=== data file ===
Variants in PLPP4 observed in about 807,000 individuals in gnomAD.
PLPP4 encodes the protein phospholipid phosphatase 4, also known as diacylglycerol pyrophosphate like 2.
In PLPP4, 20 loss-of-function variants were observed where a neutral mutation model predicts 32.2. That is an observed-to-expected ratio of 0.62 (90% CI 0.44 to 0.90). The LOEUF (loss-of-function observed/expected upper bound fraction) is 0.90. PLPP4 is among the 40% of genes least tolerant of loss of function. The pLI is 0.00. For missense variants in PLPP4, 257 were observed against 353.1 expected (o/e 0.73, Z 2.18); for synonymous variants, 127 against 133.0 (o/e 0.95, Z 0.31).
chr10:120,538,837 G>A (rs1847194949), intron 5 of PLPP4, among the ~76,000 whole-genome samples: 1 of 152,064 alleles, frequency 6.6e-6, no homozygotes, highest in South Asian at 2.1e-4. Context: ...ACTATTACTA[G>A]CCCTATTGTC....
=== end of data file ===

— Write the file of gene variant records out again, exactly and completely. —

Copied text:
Variants in PLPP4 observed in about 807,000 individuals in gnomAD.
PLPP4 encodes the protein phospholipid phosphatase 4, also known as diacylglycerol pyrophosphate like 2.
In PLPP4, 20 loss-of-function variants were observed where a neutral mutation model predicts 32.2. That is an observed-to-expected ratio of 0.62 (90% CI 0.44 to 0.90). The LOEUF (loss-of-function observed/expected upper bound fraction) is 0.90. PLPP4 is among the 40% of genes least tolerant of loss of function. The pLI is 0.00. For missense variants in PLPP4, 257 were observed against 353.1 expected (o/e 0.73, Z 2.18); for synonymous variants, 127 against 133.0 (o/e 0.95, Z 0.31).
chr10:120,538,837 G>A (rs1847194949), intron 5 of PLPP4, among the ~76,000 whole-genome samples: 1 of 152,064 alleles, frequency 6.6e-6, no homozygotes, highest in South Asian at 2.1e-4. Context: ...ACTATTACTA[G>A]CCCTATTGTC....